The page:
Endometriosis and Progesterone
Progesterone and Endometriosis
Monkeys in captivity get endometriosis too, and researchers used progesterone to give them some relief.
Maginnis G, Wilk J, “Assessment of progestin-only therapy for endometriosis in macaque,” J Med Primatol 2008 Feb;37 Suppl 1:52-5.
Comments: Much as I cringe over animal research, the Oregon National Primate Research Center has done some work over the years with progesterone that has helped women enormously.
In one of the first issues of the John R. Lee, M.D. Medical Letter we interviewed Dr. Kent Hermsmeyer, who did ground-breaking research at the Center showing the difference in effects on the heart between mexdroxyprogesterone acetate (Provera) and natural progesterone. When given a drug that caused heart spasms, the monkeys on the Provera had unrelenting heart spasms that would have killed them without an antidote. The monkeys on the natural progesterone recovered quickly on their own. That was such a great issue of the Medical Letter (August 98) that I’ve posted it on the website so you can read Dr. John Lee’s take on women and heart disease, as well as the interview with Dr. Hermsmeyer (and more…!).
In the study above, the fact that female rhesus macaques monkeys at the Center were getting endometriosis inspired researchers to treat them with progesterone. Endometriosis can be a painful, debilitating condition where bits of tissue scattered around the pelvic cavity behave like uterine (endometrial) tissue, filling with blood and then releasing it. Conventional medicine hasn’t had much success treating endometriosis safely and effectively, but Dr. Lee, noting that women with endometriosis often get better when they are pregnant, recommended using high doses of natural progesterone—and indeed, many of his patients found relief, though not a cure, with his protocol.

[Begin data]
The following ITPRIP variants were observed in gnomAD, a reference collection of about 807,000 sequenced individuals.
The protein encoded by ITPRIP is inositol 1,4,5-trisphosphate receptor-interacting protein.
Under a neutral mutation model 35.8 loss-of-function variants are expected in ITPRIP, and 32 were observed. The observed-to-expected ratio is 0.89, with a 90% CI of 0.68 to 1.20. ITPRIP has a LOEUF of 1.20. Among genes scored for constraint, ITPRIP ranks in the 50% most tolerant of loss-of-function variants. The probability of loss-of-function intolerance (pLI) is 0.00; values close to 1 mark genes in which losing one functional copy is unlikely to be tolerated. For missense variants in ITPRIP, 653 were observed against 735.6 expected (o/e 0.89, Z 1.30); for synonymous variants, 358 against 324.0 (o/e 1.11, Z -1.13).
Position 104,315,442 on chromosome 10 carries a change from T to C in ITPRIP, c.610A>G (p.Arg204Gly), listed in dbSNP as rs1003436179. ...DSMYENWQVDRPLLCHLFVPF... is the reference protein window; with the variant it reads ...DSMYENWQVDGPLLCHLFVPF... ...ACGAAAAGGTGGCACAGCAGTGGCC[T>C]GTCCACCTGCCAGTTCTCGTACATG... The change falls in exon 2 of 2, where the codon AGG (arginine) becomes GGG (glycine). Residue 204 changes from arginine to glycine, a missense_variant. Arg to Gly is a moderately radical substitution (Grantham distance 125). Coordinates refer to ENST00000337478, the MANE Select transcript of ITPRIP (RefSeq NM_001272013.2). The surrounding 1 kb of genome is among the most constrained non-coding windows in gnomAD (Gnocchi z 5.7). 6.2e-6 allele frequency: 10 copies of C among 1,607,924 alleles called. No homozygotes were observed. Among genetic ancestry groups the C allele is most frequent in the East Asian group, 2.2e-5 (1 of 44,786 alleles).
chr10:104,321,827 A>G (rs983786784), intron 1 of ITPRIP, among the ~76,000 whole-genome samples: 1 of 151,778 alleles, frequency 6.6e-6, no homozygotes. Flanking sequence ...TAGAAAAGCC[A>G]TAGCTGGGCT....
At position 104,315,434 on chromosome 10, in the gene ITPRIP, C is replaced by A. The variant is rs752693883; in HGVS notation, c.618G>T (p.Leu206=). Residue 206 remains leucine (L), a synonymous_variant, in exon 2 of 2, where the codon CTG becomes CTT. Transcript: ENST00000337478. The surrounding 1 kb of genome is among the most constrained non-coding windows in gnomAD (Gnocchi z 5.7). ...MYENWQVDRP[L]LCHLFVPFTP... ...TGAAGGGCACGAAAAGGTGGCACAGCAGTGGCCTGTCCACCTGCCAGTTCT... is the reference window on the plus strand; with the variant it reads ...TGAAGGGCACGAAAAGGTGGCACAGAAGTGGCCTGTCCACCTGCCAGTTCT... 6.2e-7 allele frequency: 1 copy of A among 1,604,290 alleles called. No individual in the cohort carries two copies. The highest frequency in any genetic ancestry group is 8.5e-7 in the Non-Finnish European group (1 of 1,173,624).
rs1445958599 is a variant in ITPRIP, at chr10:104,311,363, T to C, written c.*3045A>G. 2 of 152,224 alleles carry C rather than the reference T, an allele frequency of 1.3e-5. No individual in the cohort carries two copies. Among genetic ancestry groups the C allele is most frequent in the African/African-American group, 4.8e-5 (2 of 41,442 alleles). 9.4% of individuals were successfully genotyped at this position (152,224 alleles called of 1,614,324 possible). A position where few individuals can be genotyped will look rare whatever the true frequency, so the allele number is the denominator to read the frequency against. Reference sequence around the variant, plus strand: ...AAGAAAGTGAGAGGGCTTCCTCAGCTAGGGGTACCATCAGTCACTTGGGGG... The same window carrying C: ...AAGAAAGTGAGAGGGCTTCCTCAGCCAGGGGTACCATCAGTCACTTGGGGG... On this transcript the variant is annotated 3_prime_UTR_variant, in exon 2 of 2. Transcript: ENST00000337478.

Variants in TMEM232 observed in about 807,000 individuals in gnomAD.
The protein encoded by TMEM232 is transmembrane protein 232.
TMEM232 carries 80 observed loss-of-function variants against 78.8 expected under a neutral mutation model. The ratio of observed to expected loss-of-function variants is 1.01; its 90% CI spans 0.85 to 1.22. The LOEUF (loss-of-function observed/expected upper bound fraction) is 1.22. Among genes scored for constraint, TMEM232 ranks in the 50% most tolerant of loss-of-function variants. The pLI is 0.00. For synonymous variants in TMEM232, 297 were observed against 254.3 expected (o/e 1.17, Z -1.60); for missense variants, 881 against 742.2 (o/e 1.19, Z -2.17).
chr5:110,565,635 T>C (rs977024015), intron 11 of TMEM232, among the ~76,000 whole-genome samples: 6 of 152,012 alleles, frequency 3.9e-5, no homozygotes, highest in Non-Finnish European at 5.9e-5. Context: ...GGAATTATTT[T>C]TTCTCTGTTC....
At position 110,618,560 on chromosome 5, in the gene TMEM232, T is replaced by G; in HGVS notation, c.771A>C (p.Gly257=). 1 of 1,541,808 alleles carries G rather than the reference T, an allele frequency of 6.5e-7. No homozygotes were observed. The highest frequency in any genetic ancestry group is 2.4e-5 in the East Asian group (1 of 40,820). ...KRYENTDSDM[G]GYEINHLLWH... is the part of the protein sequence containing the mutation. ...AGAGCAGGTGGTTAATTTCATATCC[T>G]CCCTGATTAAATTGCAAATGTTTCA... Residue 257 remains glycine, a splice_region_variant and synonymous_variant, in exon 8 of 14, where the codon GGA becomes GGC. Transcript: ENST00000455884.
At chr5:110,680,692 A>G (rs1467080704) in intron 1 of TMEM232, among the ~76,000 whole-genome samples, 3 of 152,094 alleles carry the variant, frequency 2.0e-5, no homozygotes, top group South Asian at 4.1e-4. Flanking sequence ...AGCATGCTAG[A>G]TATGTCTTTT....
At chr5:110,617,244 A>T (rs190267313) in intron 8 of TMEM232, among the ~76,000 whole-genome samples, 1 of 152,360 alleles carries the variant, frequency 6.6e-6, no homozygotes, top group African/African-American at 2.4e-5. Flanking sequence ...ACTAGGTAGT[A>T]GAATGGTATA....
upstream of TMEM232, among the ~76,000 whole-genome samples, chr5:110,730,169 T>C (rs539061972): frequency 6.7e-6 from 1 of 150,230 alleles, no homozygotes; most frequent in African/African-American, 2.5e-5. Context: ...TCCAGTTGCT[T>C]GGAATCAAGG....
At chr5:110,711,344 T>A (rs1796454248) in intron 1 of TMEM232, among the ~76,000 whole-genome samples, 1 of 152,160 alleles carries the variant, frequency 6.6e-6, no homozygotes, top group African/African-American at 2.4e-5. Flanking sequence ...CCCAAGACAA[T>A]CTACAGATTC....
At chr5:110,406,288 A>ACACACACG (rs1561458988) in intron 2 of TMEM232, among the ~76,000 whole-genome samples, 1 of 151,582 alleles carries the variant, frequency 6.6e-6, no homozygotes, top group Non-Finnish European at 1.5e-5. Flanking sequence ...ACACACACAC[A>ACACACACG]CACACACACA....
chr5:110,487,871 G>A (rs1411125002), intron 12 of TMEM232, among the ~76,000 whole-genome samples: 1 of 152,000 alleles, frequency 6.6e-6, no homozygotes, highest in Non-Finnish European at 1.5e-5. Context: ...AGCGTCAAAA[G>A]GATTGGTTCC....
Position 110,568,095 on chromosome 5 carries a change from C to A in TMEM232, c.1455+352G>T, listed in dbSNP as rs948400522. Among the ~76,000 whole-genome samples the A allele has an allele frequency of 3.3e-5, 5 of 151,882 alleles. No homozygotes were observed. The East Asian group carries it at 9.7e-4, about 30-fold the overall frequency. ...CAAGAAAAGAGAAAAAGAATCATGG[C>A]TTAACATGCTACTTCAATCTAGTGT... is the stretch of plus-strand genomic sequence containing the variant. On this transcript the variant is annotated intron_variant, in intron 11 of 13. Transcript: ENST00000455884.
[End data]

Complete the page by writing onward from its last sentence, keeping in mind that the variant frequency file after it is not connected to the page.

In the Center’s study, seven monkeys with advanced endometriosis were injected with capsules that released progesterone continuously for up to 20 months. All of the monkeys showed significant benefit within the first two weeks. Two of the monkeys relapsed, but the other five continued to do well. Their conclusion, “…continuous P [progesterone] treatment of rhesus monkeys provides therapeutic benefit to reduce symptoms of endometriosis….”
And by the way…. wouldn’t it be nice for females, monkeys and humans alike, if the researchers would look into why their monkeys are getting severe endometriosis? I’ll bet monkeys don’t get endometriosis in the wild.
Dr. Hermsmeyer just had an outstanding review paper, “Cardiovascular effects of medroxyprogesterone acetate and progesterone: a case of mistaken identity?” published in the prestigious journal Nature Clinical Practice (June 3, 2008 Online). In it he clearly, concisely and with many citations explains why progesterone is not the same as the synthetic progestins, and how vastly different they are in their effects on the cardiovascular system. Let’s hope this leads to some great new research.
For More Info About Endometriosis by Dr. John Lee ….
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